until all open partitions on the old media are closed.

          Partitions are usually created using fdisk and prep(8); the
          convention is to name non-Plan 9 partitions after their cor-
          responding operating systems (e.g., /dev/sdC0/dos) and Plan
          9 partitions according to their function (e.g.,
          /dev/sdC0/swap).  The example in prep(8) shows how this is

          Reading the ctl file returns at least one line of textual
          information about the unit.  The first line will always be
          prefixed by inquiry and will give a manufacturer and model
          number if possible.  A line prefixed by config will be
          returned for appropriate media, e.g. for ATA(PI) units the
          remainder of the line contains configuration information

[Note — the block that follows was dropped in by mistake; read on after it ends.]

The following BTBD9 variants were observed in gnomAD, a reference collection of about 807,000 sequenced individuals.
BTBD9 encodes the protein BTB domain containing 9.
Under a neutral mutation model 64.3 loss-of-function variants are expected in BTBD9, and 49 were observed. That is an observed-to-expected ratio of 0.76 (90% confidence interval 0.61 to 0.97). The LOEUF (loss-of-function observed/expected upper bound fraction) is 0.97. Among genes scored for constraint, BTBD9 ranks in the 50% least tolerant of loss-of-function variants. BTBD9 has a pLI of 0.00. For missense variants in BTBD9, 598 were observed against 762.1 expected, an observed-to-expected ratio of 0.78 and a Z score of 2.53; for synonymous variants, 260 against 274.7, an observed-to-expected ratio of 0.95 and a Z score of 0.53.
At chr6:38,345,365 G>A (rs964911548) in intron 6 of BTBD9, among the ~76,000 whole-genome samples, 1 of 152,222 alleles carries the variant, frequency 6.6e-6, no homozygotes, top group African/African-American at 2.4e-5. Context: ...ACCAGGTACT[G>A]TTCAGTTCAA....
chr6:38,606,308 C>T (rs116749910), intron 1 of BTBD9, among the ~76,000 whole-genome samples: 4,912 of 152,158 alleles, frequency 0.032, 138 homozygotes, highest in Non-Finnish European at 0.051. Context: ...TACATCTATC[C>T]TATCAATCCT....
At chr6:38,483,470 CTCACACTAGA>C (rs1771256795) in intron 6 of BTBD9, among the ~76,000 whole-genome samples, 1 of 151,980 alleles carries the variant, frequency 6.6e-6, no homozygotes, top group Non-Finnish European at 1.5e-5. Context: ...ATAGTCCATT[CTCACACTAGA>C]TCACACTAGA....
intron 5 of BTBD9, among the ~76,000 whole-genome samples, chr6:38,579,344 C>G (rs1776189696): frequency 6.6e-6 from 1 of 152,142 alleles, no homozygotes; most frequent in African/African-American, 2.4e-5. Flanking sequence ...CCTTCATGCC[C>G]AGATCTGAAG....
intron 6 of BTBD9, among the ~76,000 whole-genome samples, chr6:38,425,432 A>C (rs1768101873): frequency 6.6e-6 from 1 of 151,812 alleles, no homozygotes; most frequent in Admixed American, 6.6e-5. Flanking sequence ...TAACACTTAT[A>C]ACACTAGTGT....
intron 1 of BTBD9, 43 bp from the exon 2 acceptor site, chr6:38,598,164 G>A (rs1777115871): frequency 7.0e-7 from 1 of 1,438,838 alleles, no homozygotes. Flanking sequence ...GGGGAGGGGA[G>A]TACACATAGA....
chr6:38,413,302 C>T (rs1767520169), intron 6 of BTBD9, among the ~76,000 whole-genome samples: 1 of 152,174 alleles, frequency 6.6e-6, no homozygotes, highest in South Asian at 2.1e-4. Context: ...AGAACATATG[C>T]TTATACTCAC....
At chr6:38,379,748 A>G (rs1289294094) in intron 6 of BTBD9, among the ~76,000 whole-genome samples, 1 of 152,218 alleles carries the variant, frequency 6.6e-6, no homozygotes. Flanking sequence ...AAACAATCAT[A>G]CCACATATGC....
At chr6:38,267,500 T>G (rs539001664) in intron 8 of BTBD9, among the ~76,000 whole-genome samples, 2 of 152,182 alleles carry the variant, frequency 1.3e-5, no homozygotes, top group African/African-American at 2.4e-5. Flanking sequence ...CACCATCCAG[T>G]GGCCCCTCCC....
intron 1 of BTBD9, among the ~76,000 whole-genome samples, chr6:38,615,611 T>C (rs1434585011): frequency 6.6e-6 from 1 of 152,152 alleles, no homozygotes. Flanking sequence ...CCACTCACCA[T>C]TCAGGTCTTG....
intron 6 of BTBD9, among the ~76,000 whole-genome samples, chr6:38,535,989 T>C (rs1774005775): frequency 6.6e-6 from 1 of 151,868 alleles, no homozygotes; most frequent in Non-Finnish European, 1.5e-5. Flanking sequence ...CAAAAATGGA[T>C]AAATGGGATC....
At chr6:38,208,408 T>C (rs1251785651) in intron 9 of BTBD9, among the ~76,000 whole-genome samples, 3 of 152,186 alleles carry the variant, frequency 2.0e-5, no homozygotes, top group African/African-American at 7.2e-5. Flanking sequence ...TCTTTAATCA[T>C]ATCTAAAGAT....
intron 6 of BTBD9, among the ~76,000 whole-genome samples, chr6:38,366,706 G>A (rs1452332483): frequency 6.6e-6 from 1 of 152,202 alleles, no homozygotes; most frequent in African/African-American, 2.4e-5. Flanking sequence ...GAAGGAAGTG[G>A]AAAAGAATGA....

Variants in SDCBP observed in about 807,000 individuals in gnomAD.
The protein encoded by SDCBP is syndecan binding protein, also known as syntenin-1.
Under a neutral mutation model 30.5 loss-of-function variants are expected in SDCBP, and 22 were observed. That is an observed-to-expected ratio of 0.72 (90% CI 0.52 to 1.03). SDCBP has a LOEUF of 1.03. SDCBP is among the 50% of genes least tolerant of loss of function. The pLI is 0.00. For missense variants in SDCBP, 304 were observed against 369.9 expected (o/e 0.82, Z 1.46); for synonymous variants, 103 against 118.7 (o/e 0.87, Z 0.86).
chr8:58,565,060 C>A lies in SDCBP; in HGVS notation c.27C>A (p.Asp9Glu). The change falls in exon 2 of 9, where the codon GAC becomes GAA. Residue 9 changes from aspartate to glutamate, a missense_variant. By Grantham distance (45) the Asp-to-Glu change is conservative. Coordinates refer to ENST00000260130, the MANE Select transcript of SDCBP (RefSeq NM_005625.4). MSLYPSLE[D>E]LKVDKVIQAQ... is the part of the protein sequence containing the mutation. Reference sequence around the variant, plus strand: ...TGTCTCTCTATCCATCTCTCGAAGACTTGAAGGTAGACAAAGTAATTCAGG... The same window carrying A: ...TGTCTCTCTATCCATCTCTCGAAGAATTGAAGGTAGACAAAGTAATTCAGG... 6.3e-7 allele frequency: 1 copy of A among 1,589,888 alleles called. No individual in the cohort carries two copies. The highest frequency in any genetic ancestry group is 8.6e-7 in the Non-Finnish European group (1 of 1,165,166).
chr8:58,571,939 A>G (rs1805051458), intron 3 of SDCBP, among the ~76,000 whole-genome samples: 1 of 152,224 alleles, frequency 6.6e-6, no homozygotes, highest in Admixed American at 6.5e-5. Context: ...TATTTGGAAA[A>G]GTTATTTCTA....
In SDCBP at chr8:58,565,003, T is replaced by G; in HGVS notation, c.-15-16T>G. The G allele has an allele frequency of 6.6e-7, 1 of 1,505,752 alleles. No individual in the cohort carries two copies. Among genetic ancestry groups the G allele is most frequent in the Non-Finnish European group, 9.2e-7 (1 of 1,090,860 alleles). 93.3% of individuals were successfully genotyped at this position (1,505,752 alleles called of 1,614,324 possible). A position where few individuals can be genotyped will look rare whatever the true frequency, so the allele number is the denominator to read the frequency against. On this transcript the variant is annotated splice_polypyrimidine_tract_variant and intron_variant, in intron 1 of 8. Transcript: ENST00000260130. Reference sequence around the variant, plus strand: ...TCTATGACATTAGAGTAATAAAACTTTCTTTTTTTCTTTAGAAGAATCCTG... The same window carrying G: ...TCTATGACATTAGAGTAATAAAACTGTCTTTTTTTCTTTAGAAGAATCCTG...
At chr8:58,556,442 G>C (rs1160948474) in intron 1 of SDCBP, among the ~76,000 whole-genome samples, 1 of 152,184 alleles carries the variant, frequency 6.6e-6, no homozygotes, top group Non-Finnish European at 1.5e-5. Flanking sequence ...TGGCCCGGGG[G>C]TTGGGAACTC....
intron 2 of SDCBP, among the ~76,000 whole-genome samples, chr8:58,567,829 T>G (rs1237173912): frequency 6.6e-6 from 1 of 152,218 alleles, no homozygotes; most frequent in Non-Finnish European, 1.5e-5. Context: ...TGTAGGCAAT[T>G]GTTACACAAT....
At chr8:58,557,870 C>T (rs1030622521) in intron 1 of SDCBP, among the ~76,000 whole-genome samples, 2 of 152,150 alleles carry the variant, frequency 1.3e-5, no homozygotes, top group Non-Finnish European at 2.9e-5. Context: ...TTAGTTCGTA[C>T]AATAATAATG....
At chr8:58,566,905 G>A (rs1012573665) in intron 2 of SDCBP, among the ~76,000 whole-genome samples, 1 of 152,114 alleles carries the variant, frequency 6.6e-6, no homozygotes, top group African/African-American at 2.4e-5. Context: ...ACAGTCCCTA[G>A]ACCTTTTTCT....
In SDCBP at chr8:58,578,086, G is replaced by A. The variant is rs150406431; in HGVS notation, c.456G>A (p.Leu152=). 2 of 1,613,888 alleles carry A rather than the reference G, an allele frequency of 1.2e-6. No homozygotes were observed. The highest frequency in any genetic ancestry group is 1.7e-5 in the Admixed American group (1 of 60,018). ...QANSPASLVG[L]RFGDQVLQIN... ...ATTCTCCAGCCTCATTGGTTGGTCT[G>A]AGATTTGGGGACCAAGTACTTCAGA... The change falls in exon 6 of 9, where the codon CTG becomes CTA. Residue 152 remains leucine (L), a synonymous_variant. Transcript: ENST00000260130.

from the device's identify command (config and capabilities)
          and also the available I/O transfer options; this is a diag-
          nostic aid.  A line prefixed by geometry will be returned
          for appropriate media; at least two numbers will follow, the
          first being the number of sectors contained in the unit and
          the second the sector size in bytes.  Any remaining informa-
          tion on the geometry line is unit-dependent, for instance,
          head, cylinder and sector counts for ATA discs.  If any par-
          titions are defined for the media, their name, start-sector
          and end-sector will be returned, prefixed by part.

               % cat /dev/sdD0/ctl
               inquiry KENWOOD CD-ROM UCR-421  208E10/20/99  7.39  2 M0
               config 85C0 capabilities 0F00 dma 00550004 dmactl 00000000
               geometry 242725 2352
               part data 0 242725

          The use of DMA and multi-sector read/write commands may be
          enabled and disabled on ATA(PI) units by writing to the ctl
          file dma and rwm respectively followed by on or off.  For
          example, to enable DMA on a unit that supports it:

               % echo 'dma on'>/dev/sd00/ctl